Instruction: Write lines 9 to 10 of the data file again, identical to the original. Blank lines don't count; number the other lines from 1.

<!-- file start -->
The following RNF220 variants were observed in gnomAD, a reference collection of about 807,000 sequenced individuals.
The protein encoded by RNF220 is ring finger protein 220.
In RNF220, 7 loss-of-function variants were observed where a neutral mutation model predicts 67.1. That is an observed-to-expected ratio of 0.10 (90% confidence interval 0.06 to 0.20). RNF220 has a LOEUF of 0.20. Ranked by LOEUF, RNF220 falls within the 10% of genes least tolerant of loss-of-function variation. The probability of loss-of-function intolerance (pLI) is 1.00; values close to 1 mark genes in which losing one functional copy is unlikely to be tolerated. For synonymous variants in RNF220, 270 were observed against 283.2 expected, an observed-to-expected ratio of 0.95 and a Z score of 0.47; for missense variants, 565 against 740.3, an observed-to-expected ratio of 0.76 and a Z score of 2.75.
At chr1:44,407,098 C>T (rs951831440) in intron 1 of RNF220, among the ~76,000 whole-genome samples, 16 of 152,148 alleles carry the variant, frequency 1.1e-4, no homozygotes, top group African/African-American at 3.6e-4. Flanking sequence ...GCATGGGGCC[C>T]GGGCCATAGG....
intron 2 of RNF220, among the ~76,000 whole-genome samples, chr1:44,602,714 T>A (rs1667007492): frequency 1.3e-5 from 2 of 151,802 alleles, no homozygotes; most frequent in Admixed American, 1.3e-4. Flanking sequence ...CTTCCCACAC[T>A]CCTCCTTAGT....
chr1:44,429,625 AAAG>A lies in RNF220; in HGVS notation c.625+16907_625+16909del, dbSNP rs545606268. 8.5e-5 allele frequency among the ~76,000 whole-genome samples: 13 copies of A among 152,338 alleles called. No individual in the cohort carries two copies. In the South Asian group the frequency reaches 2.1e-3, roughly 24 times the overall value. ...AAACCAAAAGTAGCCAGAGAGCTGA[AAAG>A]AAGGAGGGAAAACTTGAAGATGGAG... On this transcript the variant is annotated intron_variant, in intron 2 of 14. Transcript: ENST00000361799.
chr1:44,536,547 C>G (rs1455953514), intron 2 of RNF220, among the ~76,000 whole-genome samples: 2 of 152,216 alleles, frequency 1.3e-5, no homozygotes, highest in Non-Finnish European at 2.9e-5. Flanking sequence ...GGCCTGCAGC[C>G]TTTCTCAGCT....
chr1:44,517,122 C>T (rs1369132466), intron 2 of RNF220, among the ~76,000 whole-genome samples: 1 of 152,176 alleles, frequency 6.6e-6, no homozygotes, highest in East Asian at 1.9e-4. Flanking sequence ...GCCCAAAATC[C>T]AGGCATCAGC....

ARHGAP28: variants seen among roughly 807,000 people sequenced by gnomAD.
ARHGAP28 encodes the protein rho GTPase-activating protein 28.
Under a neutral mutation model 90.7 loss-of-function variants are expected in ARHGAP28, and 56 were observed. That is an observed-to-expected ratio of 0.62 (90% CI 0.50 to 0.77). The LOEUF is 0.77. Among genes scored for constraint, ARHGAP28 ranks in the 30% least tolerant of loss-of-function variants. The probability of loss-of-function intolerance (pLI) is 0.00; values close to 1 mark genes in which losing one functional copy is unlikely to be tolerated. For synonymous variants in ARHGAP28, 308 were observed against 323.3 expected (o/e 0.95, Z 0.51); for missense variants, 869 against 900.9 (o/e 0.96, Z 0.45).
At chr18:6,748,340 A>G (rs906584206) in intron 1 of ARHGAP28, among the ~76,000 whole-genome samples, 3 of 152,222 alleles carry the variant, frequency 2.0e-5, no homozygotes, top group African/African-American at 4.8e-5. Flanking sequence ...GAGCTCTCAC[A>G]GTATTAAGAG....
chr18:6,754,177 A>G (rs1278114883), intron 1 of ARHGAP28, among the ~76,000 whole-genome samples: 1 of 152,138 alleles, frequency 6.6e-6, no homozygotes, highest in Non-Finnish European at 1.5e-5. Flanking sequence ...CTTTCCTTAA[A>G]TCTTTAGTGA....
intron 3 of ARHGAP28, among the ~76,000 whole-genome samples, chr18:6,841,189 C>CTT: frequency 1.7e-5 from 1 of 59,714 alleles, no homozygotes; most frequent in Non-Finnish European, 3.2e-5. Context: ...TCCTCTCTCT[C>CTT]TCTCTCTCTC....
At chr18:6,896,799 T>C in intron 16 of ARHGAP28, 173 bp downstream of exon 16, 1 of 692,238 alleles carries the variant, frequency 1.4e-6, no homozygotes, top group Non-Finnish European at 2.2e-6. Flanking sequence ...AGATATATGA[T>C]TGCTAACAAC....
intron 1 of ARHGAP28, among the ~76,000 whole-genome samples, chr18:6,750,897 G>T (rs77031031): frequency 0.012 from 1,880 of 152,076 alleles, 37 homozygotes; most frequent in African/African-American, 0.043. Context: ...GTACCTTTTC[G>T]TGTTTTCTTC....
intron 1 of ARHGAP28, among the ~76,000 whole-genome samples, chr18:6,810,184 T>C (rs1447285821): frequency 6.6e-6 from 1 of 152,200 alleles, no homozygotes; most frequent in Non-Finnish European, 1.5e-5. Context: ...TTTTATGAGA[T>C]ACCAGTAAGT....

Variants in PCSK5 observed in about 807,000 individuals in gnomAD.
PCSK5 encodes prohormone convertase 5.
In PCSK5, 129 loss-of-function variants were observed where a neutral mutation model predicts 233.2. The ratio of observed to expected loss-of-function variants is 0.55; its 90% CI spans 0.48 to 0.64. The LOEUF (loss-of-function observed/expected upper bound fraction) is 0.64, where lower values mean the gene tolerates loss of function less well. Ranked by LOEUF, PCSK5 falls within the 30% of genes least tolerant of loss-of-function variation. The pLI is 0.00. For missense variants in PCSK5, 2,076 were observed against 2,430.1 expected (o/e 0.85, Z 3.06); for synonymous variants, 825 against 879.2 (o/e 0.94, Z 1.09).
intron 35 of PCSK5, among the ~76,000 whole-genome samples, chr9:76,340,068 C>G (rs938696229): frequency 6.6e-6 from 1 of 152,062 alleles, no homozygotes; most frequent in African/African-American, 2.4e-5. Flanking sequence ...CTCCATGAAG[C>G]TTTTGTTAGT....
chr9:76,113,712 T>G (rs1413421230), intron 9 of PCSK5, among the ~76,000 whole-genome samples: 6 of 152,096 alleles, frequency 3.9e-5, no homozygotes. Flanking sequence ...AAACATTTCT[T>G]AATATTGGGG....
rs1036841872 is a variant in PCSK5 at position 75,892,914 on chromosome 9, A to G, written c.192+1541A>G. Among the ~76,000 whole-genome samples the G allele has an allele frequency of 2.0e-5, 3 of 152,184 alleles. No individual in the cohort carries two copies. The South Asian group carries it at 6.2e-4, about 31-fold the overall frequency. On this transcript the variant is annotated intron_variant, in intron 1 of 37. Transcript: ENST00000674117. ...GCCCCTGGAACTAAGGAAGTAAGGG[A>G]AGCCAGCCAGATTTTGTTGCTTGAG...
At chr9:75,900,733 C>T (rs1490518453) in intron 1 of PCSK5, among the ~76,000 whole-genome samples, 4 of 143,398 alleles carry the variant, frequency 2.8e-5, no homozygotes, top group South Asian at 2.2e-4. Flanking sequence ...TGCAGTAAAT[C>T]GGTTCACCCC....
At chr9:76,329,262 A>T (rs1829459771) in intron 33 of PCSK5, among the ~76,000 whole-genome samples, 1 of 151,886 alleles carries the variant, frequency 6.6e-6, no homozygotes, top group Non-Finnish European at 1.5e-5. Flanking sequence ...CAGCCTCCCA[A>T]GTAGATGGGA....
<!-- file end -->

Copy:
ARHGAP28: variants seen among roughly 807,000 people sequenced by gnomAD.
ARHGAP28 encodes the protein rho GTPase-activating protein 28.